29 November 2010
By Shashwat Gupta Ray
To find out if all HIV+ pregnant women can be given drugs irrespective of their immunity levels
It is a well known fact that Human Immunodeficiency Virus (HIV) medicines given during pregnancy to all HIV–infected mothers decrease the chances of transmission of HIV to their babies to less than 1%. However, our national programme provides HIV medicines to HIV–infected pregnant women with lesser immunity only (CD4 count less than 350 cells). The reason quoted for this is lack of resources (or too expensive).
So, the question arises whether all HIV–infected pregnant women should receive HIV medicines and what options are beneficial to these women and their infants? Whether these options are cost effective? Whether breastfeeding or top feeding (cow’s milk or milk substitutes) are beneficial?
"To answer these questions, BJMC plans to participate in a multi country trial namely, PROMISE (Promoting Maternal and Infant Survival Everywhere)," BJMC Dean and principal investigator of Clinical Trials Unit (CTU) Dr Arun Jamkar told ‘Sakal Times’.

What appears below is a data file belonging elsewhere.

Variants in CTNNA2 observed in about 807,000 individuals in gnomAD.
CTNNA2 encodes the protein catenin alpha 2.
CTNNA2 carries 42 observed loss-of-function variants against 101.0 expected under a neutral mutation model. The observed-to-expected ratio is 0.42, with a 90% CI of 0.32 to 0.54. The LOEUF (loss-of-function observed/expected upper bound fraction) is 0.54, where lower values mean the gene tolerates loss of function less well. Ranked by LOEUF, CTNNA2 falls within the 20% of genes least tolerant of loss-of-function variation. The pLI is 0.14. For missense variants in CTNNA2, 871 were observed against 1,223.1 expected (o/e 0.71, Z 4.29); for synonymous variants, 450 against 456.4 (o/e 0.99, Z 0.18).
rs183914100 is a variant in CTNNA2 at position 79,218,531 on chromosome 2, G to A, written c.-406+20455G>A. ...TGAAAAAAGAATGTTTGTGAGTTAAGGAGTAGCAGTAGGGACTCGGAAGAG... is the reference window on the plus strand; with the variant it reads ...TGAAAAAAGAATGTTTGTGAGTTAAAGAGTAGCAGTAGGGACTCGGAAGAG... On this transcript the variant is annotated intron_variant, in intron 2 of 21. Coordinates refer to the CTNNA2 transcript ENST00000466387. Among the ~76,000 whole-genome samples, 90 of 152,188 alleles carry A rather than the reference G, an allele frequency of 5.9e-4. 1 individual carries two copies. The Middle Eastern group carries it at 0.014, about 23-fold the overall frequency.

BJMC CTU director Dr Vidya Mave and study coordinator Dr Nishi Suryavanshi added that all HIV–infected pregnant women with good immunity (CD4 count more than 350) are eligible to participate in the study.
"The women and/or their infants will receive HIV medicines during the study. The planned date for initiation of this study is early 2011 and it will be conducted under the supervision of Dr P W Sambrey (Head, Obstetrics and Gynaecology) and Dr Aarti Kinikar (Head, Pediatrics), who are the principal investigators of this study," Dr Suryavanshi added.